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Publication numberUS5531135 A
Publication typeGrant
Application numberUS 08/236,996
Publication dateJul 2, 1996
Filing dateMay 2, 1994
Priority dateJun 11, 1993
Fee statusPaid
Also published asDE4415642A1, DE4415642B4
Publication number08236996, 236996, US 5531135 A, US 5531135A, US-A-5531135, US5531135 A, US5531135A
InventorsFranz Dolla
Original AssigneeVolkswagon Ag
Export CitationBiBTeX, EndNote, RefMan
External Links: USPTO, USPTO Assignment, Espacenet
Pedal arrangement for a motor vehicle
US 5531135 A
A bulkhead separating an engine compartment from a driver compartment of a motor vehicle is provided with an intentional buckling zone. The buckling zone is arranged so that a frontal impact moves the bulkhead and a bearing mount for pedal levers in such a way that the pedal levers are moved away from the operator. In one embodiment the buckling zone is produced by weakening the bulkhead material by making it thinner or providing holes or tucks in the material. When the buckling zone buckles in a frontal collision the bearing mount pivots upwardly, moving the pedal levers away from the vehicle operator.
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I claim:
1. A pedal arrangement for a motor vehicle having an engine compartment and an operator compartment comprising a bulkhead between the engine compartment and the operator compartment, a bearing mount fastened to the bulkhead, at least one pedal lever supported by the bearing mount, a flexurally rigid transverse member to which the bearing mount is attached, and a buckling zone in the bulkhead located in a region where the bearing mount is fastened to the bulkhead and arranged so that, in response to application of a force to the bulkhead resulting from a frontal impact, the bearing mount is displaced in a direction to move the pedal lever supported thereby away from an operator of the vehicle in the operator compartment.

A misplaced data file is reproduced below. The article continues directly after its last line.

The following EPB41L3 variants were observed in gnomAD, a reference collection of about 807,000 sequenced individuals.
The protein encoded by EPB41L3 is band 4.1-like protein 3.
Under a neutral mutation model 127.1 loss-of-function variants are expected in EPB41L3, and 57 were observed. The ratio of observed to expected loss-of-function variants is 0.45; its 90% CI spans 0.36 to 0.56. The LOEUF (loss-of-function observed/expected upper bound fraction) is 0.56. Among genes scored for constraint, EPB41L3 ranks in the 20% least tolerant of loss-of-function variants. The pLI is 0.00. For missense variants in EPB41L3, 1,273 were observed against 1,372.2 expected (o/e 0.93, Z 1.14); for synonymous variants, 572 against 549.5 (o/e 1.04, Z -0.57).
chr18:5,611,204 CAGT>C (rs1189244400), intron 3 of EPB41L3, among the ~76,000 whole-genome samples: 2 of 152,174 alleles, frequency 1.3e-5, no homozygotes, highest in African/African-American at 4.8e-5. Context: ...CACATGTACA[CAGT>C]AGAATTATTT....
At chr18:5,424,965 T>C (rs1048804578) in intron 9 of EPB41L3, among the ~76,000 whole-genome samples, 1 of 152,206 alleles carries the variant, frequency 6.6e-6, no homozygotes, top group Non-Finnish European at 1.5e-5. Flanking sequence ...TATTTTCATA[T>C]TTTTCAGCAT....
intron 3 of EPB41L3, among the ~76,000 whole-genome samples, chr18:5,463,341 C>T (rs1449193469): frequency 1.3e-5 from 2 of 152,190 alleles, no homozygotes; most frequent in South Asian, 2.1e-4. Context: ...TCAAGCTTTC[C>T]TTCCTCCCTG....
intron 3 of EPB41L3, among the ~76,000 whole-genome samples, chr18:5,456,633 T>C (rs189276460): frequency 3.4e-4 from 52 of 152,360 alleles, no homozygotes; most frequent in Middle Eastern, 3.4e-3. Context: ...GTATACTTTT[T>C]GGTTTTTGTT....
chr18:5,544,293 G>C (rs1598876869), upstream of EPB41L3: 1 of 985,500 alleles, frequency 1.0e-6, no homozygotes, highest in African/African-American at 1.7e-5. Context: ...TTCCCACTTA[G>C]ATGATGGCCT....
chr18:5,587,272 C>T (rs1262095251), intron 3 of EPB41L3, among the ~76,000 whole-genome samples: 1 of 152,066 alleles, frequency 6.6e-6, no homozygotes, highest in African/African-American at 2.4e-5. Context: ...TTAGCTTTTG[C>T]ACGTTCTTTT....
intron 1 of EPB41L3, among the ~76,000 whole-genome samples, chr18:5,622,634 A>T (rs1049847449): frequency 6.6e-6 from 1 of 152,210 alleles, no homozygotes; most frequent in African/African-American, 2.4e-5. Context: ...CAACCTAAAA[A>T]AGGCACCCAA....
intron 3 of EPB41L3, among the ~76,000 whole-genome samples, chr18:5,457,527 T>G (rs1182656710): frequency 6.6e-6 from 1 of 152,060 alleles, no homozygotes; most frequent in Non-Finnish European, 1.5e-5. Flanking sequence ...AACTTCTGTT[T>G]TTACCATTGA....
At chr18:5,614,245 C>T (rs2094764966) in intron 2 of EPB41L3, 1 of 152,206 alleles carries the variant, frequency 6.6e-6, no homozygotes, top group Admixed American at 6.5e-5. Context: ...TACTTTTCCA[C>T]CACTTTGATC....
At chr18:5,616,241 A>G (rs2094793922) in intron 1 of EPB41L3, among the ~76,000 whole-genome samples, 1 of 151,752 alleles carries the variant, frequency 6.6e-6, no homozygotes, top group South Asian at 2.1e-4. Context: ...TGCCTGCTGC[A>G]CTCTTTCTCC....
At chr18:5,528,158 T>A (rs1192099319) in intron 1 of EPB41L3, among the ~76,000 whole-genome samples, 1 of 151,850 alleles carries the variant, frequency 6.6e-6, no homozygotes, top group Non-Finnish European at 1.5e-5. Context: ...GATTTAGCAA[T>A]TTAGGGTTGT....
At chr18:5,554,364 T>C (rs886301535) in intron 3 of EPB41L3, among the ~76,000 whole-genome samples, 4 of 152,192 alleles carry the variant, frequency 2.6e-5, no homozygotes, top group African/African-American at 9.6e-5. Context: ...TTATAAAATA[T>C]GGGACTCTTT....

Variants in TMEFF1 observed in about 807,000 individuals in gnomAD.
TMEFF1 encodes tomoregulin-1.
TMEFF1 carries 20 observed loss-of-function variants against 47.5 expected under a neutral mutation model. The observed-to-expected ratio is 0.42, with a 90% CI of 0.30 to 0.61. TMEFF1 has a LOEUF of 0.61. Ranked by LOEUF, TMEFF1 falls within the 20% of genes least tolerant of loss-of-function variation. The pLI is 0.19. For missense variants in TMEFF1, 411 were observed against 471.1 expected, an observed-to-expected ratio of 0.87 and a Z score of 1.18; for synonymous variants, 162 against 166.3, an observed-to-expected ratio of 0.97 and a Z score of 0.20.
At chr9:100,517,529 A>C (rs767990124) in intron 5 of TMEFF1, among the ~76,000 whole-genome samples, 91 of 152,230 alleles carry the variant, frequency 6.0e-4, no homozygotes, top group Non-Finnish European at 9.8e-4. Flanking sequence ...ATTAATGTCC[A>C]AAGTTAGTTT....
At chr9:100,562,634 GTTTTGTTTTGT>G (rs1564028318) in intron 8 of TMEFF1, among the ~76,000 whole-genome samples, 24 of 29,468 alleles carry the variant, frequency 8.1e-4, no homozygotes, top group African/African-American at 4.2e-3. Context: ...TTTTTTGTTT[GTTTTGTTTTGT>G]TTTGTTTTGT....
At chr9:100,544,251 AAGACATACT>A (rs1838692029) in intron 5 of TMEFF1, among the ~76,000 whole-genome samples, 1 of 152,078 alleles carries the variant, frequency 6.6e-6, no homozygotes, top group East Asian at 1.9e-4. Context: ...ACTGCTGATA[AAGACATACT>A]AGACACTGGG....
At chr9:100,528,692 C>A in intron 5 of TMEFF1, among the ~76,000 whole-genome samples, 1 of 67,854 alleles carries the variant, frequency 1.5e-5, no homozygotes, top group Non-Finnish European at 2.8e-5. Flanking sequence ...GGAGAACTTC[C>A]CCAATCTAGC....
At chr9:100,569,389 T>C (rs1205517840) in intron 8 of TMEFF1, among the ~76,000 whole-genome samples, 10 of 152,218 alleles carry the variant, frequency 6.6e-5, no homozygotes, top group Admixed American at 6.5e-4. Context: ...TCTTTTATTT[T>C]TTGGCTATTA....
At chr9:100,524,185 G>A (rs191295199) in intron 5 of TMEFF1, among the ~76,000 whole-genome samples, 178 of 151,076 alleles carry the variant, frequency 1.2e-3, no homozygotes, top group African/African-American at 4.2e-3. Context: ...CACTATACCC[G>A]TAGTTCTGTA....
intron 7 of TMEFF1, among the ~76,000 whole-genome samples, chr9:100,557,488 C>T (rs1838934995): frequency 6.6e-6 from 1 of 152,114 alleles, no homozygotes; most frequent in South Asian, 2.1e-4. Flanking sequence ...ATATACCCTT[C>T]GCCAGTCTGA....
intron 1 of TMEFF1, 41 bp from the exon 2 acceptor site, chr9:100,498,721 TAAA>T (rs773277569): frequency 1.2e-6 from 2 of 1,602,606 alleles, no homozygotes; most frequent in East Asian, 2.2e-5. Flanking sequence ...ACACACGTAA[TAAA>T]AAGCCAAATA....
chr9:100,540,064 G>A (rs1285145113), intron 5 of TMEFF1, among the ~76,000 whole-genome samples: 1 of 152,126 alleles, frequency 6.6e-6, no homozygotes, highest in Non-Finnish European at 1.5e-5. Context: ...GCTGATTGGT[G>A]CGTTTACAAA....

2. A pedal arrangement according to claim 1 including a power brake booster mounted in a recess formed in the bulkhead.
3. A pedal arrangement according to claim 1 wherein the bulkhead, the bearing mount and the pedal lever form an assembly which is installed as a unit in the motor vehicle.
4. A pedal arrangement according to claim 1 wherein the buckling zone of the bulkhead is thinner than other portions of the bulkhead.
5. A pedal arrangement according to claim 1 wherein the buckling zone is formed by at least one opening in the bulkhead.
6. A pedal arrangement according to claim 1 wherein the buckling zone is formed by at least one tuck in the bulkhead.
7. A pedal arrangement according to claim 1 wherein the bearing mount is affixed to the bulkhead beneath the buckling zone, whereby the bearing mount may be acted upon by a force-transmitting member to produce a displacement of the pedal lever.

This invention relates to pedal arrangements for motor vehicles in which pedals are supported from a bearing mount attached to the bulkhead.

A pedal arrangement in which pedals are supported from a bearing mount attached to the bulkhead is disclosed in German Offenlegungsschrift No. 39 04 616. This configuration is advantageous because, in the event of a frontal collision of the vehicle, the pedal levers projecting into the foot space of the passenger compartment are moved away from the operator of the vehicle by a rotary motion. This arrangement substantially reduces the risk of foot injury in motor vehicle accidents.